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HMS Neptune (1909)
HMS Neptune (Royal Navy battleship).jpg
Class overview
Name: Neptune-class battleship
Preceded by: St. Vincent class
Succeeded by: Colossus class
In commission: 1911–1918/1919
Completed: 1
Name: HMS Neptune
Namesake: Neptune, Roman god of the sea
Ordered: 1908 Naval Estimates
Builder: Portsmouth Dockyard
Laid down: 19 January 1909
Launched: 30 September 1909
Commissioned: 11 January 1911[1]
Fate: Scrapped in September 1922
General characteristics
Type: Dreadnought battleship
Displacement: 19,900 tons (22,000 full load)
Length: 546 ft (166 m)
Beam: 85 ft (26 m)
Draught: 27 ft (8.2 m)
Propulsion: Parsons steam turbines, direct drive on four shafts, 25,000 shp, 18 Yarrow boilers
Speed: 21 knots (39 km/h)
Range: 6,330 nm at 10 knots (19 km/h)
Complement: 756
  • Belt: 10 inches (254 mm)
  • Upper Belt: 8 inches (203 mm)
  • Bulkheads: 5 and 8 inches (203 mm)
  • Conning tower: 11 inches (280 mm)
  • Turrets: 11 inches (280 mm)
  • Barbettes: 9 inches (229 mm)
  • HMS Neptune was a Royal Navy dreadnought battleship, intended to be the lead ship of three Neptune-class battleships, but the subsequent two ships had slightly thicker belt armour and were reclassified as the Colossus class.


    Arrangement of main gun turrets, bows pointing right

    She was the first Royal Navy battleship that differed in her gun turret layout from Dreadnought. She had two wing turrets staggered en echelon so that all five turrets could shoot in broadside, although in practice the blast damage to the superstructure and boats made this impractical except in an emergency.

    To achieve this staggering firepower with such a small increase in hull length, the ship was equipped with superfiring rear turrets; arranged so that one would fire over the other when shooting towards the stern. She was the first Royal Navy ship to have a superfiring main armament (the American battleship USS South Carolina, launched in 1908, was the first battleship anywhere to have superfiring main turrets). However, the upper of the two turrets could not fire within 30 degrees of the stern without the lower turret being damaged by blast through its sighting hoods.[2]

    A further saving in length was achieved by siting the ship's boats on a flying deck over the two midships turrets to reduce the length of the vessel. However, had the flying deck been damaged during action, they may have fallen onto the turrets, immobilising them. The bridge was also situated above the conning tower, which risked similarly being obscured if the bridge collapsed.[2]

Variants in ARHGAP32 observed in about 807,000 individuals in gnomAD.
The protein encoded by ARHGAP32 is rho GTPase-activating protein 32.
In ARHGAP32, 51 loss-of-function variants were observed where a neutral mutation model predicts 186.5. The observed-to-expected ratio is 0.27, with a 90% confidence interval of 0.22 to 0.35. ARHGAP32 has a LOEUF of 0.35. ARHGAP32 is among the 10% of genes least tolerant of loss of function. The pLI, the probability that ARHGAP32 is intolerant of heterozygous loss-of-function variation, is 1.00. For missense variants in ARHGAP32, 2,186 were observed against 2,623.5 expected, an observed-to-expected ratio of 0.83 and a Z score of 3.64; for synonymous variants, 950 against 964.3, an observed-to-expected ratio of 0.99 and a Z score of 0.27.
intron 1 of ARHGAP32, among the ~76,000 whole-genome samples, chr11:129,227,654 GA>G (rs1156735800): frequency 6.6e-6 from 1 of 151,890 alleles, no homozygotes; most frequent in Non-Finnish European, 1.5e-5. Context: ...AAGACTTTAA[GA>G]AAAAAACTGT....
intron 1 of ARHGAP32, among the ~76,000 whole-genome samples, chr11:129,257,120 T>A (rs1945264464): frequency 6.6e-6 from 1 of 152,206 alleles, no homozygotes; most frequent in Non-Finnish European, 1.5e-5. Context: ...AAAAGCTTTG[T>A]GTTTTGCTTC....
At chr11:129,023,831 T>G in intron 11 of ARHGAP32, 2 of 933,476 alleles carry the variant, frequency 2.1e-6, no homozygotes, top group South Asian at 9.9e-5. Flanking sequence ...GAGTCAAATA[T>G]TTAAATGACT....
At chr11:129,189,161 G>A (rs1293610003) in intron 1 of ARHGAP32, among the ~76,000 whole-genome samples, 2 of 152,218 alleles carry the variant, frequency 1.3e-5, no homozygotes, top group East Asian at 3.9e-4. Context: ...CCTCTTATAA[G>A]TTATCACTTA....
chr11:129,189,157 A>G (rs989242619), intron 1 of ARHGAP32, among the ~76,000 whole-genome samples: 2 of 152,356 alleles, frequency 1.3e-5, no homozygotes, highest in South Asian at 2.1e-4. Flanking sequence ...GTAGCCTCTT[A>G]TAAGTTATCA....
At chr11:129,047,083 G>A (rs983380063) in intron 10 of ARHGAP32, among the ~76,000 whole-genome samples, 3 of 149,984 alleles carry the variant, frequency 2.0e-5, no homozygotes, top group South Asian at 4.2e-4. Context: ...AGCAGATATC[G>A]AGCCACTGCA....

She was one of the first battleships to be built with director gun-control and was used for trials of this then-novel system.[3]

    Service history

    King George V and Admiral Callaghan on board HMS Neptune.

    She was flagship of the Home Fleet from May 1911 until May 1912 when she was transferred to the 1st Battle Squadron, where she remained until June 1916, just after the Battle of Jutland.[4] She was accidentally struck by SS Needvaal in April 1916 but no serious damage was done. She was present at the Battle of Jutland as part of Admiral Jellicoe's Battle Fleet. She fired only 48 12 inch (305 mm) shells but is credited with scoring several hits on the German battlecruiser Lützow. Her captain was Vivian Bernard.

    After the war she was quickly transferred to the reserve fleet and subsequently scrapped.

    External Sources


    1. The Times (London), Wednesday, 11 January 1911, p.7
    2. 2.0 2.1 DK Brown (2003). The Grand Fleet, warship design and development 1906–1922. Caxton Editions. pp. 38–40. ISBN 1-84067-531-4. 
    3. "Neptune Class Dreadnought Battleship". World War 1 Naval Combat. Retrieved 4 February 2007. 
    4. "HMS Neptune". Retrieved 4 February 2007. 


    • Burt, R. A. (1986). British Battleships of World War One. Annapolis, MD: Naval Institute Press. ISBN 0-87021-863-8. 
    • Campbell, John (1998). Jutland: An Analysis of the Fighting. Lyons Press. ISBN 1-55821-759-2. 
    • Gardiner, Robert; Gray, Randal, eds (1984). Conway's All the World's Fighting Ships: 1906–1922. Annapolis: Naval Institute Press. ISBN 0-85177-245-5. 
    • Hythe, Viscount, ed. The Naval Annual 1914. 
    • Massie, Robert (2004). Castles of Steel: Britain, Germany and the winning of the Great War. Random House. ISBN 0-224-04092-8. 
    • Roberts, John (1997). Battlecruisers. Annapolis, MD: Naval Institute Press. ISBN 1-55750-068-1. 

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